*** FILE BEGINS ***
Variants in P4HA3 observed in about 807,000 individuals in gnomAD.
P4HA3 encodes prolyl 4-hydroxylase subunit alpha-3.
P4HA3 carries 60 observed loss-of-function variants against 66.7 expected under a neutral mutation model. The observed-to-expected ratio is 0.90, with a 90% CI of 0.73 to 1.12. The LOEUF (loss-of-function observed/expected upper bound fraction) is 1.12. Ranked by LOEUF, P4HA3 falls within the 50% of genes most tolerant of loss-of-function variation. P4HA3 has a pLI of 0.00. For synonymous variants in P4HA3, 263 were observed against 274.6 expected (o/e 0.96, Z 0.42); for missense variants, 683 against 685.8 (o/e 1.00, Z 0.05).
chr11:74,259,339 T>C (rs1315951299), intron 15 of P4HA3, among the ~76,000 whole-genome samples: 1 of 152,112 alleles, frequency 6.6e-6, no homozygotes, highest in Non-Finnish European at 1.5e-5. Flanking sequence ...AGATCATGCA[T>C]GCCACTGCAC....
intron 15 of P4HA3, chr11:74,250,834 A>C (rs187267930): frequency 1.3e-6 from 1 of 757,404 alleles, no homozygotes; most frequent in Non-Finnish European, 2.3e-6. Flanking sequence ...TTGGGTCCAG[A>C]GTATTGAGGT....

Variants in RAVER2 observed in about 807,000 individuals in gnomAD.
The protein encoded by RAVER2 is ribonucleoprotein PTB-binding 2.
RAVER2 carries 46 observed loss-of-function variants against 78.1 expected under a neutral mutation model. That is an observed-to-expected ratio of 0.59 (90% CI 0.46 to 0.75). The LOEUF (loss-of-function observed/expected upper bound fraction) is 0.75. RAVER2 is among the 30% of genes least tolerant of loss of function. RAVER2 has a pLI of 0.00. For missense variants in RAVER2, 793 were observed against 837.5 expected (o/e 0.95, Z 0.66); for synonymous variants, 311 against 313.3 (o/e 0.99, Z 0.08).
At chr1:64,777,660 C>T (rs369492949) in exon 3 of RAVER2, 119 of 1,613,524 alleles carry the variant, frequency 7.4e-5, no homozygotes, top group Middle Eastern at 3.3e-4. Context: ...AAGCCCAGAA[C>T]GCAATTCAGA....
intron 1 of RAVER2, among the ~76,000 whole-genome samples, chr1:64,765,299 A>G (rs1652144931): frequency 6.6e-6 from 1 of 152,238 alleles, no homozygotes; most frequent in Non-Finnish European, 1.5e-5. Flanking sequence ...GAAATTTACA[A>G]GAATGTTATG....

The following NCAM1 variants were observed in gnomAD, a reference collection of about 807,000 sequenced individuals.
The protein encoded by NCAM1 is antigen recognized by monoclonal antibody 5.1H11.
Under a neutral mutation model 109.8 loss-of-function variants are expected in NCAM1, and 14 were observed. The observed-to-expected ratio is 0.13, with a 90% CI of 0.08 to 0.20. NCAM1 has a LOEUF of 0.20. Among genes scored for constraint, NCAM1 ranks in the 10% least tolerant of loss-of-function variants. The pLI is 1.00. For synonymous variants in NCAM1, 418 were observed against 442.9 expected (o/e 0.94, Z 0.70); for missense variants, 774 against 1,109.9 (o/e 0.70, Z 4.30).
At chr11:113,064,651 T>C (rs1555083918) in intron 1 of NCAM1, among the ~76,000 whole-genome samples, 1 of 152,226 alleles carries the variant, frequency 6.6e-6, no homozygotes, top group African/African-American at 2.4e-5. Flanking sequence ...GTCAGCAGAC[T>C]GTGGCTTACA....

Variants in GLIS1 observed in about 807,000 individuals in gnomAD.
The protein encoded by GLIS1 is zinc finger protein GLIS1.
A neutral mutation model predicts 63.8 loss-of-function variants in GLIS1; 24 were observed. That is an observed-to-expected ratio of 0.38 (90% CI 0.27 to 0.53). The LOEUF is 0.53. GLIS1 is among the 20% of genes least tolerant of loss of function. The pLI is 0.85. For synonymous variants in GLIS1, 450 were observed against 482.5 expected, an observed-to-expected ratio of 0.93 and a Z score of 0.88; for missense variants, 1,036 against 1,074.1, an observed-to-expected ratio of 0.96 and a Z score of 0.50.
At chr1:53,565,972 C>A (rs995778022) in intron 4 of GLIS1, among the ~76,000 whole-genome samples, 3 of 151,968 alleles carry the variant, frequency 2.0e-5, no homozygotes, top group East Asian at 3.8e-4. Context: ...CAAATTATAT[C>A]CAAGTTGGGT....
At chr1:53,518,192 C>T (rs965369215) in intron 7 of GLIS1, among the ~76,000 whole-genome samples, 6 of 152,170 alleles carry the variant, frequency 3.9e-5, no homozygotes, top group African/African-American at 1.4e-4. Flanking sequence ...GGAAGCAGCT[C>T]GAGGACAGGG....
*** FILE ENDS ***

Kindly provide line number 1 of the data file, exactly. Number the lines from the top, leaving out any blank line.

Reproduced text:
Variants in P4HA3 observed in about 807,000 individuals in gnomAD.